What is a Mega Tsunami?
A Tsunami is
one or a series of waves that occur after an earthquake,
slumps, or asteroid
or near the sea. A
mega tsunami is
simply a larger occurance of the phenomena. The energy of a tsunami is
constant, a function of its height and speed. Thus, as the wave
approaches land, its height increases while its speed decreases. The
waves travel at high speed, more or less unnoticed where crossing deep
water, but can increase to a height of 30 metres and more as they
approach the coastline. Tsunamis can cause severe destruction on coasts
tsunamis rarely go above 0.5 m in
height, the spaces between the crests can be hundreds of kilometers
allowing the wave to increase in height within the last 10-20m of water
before reaching the shore. Without the loss of energy, this
allows the wave to go ashore making a storm surge seem laughable.
These waves are capable of crossing an ocean, toppling large buildings
none of which could withstand the force of the wave, equivalent to the
speed of a commercial airplane, nor the extreme flooding.
When was the biggest tsunami?
biggest recorded tsunami was
produced by the Great
of 17 October 1737. Its peak
reached more than 50 m above sea level on the North Kurile Islands. The
Kamchatka Peninsula has the greatest frequency of tsunami, about one
event every 12 years. The largest death toll recorded for a tsunami was
over 50,000 people on the island of Taiwan on 22 May 1782, followed by
36,417 deaths caused by tsunami associated with the eruption of
Krakatau in the Sunda Straits of Indonesia on 27 August 1883. There are
probably larger death tolls, but there is no way to be positive.
Where could the next Mega Tsunami come from
named Cumbre Vieja on the
island of La Palma in the Canary Islands of North Africa is where
geologists suspect the next tsunami could begin. The reason for
the concern... In 1949 during a volcanic
eruption part of the
island slid into the ocean before ending its descent. Should
another large eruption of the Cumbre Vieja occur, the western side of
the island is likely to collapse into the Atlantic.
next eruption isn't a likely happening; geologists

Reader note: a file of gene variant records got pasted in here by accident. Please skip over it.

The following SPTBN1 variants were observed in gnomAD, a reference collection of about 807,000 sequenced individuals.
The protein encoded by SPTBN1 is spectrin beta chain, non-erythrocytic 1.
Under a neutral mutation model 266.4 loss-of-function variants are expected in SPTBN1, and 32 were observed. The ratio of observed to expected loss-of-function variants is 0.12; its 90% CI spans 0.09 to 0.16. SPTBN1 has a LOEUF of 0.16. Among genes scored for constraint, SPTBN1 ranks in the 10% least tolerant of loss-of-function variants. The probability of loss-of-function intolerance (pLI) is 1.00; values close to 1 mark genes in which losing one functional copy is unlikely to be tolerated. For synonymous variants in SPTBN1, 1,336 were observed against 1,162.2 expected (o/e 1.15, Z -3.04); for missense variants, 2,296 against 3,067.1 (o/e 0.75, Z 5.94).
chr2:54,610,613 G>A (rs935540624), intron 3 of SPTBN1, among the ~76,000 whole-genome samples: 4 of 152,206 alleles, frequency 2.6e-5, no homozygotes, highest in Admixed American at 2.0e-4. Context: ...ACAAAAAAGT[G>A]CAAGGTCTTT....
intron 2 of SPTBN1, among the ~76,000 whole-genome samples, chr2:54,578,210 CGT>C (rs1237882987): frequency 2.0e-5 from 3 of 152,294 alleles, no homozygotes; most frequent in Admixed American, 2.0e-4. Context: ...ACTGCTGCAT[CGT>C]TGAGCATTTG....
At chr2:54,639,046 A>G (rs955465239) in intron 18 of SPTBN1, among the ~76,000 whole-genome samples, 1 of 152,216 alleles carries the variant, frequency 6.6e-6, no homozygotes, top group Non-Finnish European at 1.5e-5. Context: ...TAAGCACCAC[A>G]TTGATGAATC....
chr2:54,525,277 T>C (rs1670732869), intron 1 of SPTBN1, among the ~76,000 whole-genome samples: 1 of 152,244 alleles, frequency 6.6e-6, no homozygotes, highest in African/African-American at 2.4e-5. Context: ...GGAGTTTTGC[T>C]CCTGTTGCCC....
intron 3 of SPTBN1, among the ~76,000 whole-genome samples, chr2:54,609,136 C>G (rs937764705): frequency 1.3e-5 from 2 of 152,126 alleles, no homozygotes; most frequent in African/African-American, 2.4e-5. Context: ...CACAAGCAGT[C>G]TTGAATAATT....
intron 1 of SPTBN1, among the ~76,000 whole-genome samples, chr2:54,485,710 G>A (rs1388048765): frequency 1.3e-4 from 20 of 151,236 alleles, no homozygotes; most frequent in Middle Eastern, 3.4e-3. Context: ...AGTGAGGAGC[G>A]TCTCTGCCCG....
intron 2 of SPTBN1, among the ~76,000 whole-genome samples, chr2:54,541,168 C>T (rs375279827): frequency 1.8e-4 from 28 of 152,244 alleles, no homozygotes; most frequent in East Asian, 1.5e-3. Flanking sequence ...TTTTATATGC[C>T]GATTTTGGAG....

cannot say whether or not the next eruption will be the one to make the
island shed its western shore. Until then, we have to watch and
500 billion tons
of rock creating five thousand trillion, (that's
fifteen zeros), joules of kinetic energy, that is transferred and
converted to a 600 to a thousand meter tall wave with excessive
speeds. Ten minutes and it will have traveled 250 kilometers, all
the while powered by the underwater landslide.
by an earthquake in
Chile in 1877, a tsunami measured at 1.07m, the largest on the Sydney
(Australia) tidal gauge, In May 1960 another one measured less than
0.8m amounted to a 4.5m run up above sea level that traveled along
parts of the coast line. The amount of destruction caused by the
inevitable Canary Island tsunami would dwarf these numbers by far,
causing massive devastation to all shoreline cities, rivers and inland
bodies of water connected to the ocean at the point of impact.
lower wider wave (15-20 m high) by
the time it made its way to America would surge up to 20 miles past the
shoreline leaving a path of watery destruction in its wake. Major
coastal cities would be in essence washed off the map, skyscrapers
would be leveled and swept away, bridges would be torn away from their
foundations, and human life would cease to exist by this destructive
force in mere minutes.
How can we stop it?
to be pessemistic, but we can't.
Phenomena of this magnitude literally HAVE no way to be diverted. These
are natually occuring events, and next to the awesome force of mother
nature, man would not stand much chance. Even evacuations would be a
futile effort. For all the people living on say : the east coast and
everywhere inland withing 10-20 miles, there would really not be an
easy means to escape. You would have millions in panic, piling in their
cars... it would be the worst kind of chaos.
alternative is evacuating when the volcano
to erupt, possibly giving a few days or weeks warning. This plan may
sound good, but having a massive
or a random asteroid crash
into the ocean would not give us more than a few hours of warning, if
any at all.
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